Initial signs of employment drop#
The number of filled jobs fell by just over 37,000 in April, (a 1.7% decline) with services industries contributing most of the decline, with over 29,000 jobs lost. These numbers are broadly consistent with the additional 30,000 people recorded as receiving JobSeeker Support payments in April.
The decline in employment is consistent with the Treasury’s view that employment growth will fall in the June quarter. We are anticipating further declines in subsequent months, and overall employment to fall by 6.8% overall in the June quarter. The Treasury expects unemployment to peak at 9.8% in the September quarter before recovering as the economy starts to grow.
China sets 2020 policy targets#
China’s Premier Li delivered the annual government work report at the National People’s Congress (NPC) on May 22. The policy focus this year is on the "six-ensuring" policy to provide resilience in employment, social welfare, market entities (corporates), food and energy security, supply chain stability, and social functions. The report emphasises the importance of economic growth in supporting this resilience, but there is no numerical growth target this year owing to the uncertainty arising from the COVID-19 pandemic and its impact on global growth, although the target for urban job creation remains positive (Table 1).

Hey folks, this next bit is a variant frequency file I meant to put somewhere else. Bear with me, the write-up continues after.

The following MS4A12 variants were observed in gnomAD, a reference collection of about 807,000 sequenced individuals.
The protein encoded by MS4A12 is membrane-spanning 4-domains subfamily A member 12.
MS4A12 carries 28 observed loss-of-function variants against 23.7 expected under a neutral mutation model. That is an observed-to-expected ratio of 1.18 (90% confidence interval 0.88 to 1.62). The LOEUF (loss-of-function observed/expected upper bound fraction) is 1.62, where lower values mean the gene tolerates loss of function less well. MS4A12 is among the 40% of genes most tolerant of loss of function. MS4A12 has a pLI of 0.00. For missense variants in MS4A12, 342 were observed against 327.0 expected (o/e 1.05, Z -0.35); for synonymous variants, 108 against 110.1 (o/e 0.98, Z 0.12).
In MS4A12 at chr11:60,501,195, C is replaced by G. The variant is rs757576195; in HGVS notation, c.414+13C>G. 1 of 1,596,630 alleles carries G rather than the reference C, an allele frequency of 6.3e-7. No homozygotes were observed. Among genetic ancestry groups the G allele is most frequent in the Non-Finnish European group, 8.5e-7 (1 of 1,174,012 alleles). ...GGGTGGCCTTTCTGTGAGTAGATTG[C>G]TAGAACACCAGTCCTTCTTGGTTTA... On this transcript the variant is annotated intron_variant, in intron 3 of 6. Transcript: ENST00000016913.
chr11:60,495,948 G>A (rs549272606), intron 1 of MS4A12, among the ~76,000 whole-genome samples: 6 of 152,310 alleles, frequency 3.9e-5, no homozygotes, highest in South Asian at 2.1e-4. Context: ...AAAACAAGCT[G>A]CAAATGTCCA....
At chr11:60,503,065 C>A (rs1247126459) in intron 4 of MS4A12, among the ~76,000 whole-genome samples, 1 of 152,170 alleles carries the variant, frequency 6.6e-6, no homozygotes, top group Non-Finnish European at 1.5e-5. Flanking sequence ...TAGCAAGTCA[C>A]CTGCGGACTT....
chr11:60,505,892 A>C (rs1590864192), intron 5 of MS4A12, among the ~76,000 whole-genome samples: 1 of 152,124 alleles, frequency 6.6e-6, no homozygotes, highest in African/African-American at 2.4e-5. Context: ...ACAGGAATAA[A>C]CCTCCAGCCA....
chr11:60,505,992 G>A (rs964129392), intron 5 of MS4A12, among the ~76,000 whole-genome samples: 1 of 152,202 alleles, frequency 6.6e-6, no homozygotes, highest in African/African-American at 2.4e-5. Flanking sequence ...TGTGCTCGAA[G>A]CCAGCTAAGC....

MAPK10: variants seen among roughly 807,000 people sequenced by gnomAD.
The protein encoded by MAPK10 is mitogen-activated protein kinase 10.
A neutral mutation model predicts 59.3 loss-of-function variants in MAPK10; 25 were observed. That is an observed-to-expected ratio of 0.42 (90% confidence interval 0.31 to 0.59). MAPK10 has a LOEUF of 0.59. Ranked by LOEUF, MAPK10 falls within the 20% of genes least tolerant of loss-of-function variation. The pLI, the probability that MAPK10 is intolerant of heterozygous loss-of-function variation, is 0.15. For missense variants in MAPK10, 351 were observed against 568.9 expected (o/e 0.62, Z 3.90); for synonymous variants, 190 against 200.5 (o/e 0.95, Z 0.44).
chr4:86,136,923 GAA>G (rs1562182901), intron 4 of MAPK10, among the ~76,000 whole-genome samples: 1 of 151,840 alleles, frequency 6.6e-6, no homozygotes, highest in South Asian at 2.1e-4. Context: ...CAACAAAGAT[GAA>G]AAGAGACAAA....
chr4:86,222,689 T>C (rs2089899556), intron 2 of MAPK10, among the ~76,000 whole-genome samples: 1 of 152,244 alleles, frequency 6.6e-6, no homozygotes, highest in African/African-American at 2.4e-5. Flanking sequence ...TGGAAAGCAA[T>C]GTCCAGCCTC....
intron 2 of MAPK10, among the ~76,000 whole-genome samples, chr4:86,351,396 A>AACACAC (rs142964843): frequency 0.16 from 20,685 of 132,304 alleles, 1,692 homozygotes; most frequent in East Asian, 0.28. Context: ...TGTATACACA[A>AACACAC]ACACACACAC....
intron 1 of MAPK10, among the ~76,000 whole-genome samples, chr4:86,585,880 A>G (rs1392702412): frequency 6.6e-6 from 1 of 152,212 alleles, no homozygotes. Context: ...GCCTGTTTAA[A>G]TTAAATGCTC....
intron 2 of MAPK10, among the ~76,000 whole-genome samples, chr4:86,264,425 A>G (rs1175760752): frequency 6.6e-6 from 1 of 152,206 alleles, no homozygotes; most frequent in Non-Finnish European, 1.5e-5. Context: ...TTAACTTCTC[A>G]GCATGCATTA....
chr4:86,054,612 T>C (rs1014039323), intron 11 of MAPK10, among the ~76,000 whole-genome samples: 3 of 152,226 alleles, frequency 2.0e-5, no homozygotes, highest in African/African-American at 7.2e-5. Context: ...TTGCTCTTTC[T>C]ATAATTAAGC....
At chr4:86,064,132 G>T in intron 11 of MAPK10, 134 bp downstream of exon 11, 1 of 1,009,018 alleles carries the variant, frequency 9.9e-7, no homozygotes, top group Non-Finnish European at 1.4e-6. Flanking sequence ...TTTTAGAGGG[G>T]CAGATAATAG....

Table 1: NPC targets
The 2020 fiscal deficit target rose to 3.6% of GDP, local government special bond issuance rose and a special COVID-19 government bond issuance was announced. A large share of the bonds is likely to finance increased infrastructure spending, which will stimulate demand for resource imports. However, media reports suggest China is seeking to promote the use of domestic coal by tightening import rules, which is likely to have implications for Australia.
The NPC also announced intentions to amend national security legislation relating to Hong Kong, raising investor concerns about the geopolitical risk amidst the recent escalation in US-China tensions.
Meanwhile, G-4 countries flash IHS Markit Purchasing Managers Index Surveys (PMI’s) improved to 33.1 in May from April’s all-time low of 22.3, according to JP Morgan’s composite measure. The hardest hit regions (the euro area and UK) and sectors (services) saw the biggest gains over the month (Figure 5). With restrictions easing this month, the rise in the PMI’s aligns with the start of a projected recovery and suggests April marks the trough in activity.
Figure 5: Change in G-4 composite PMIs
Australia downgrades cost of JobKeeper…#
The Australian government announced the discovery of material errors in the reporting and estimation of demand for the JobKeeper program, the largest individual component of the government’s fiscal support package. The Treasury now expects 3.5 million people to receive JobKeeper subsidies, below the prior estimate of 6.5 million. As a result, the scheme is now expected to cost AU$70 billion, down from the initial guidance of AU$130 billion.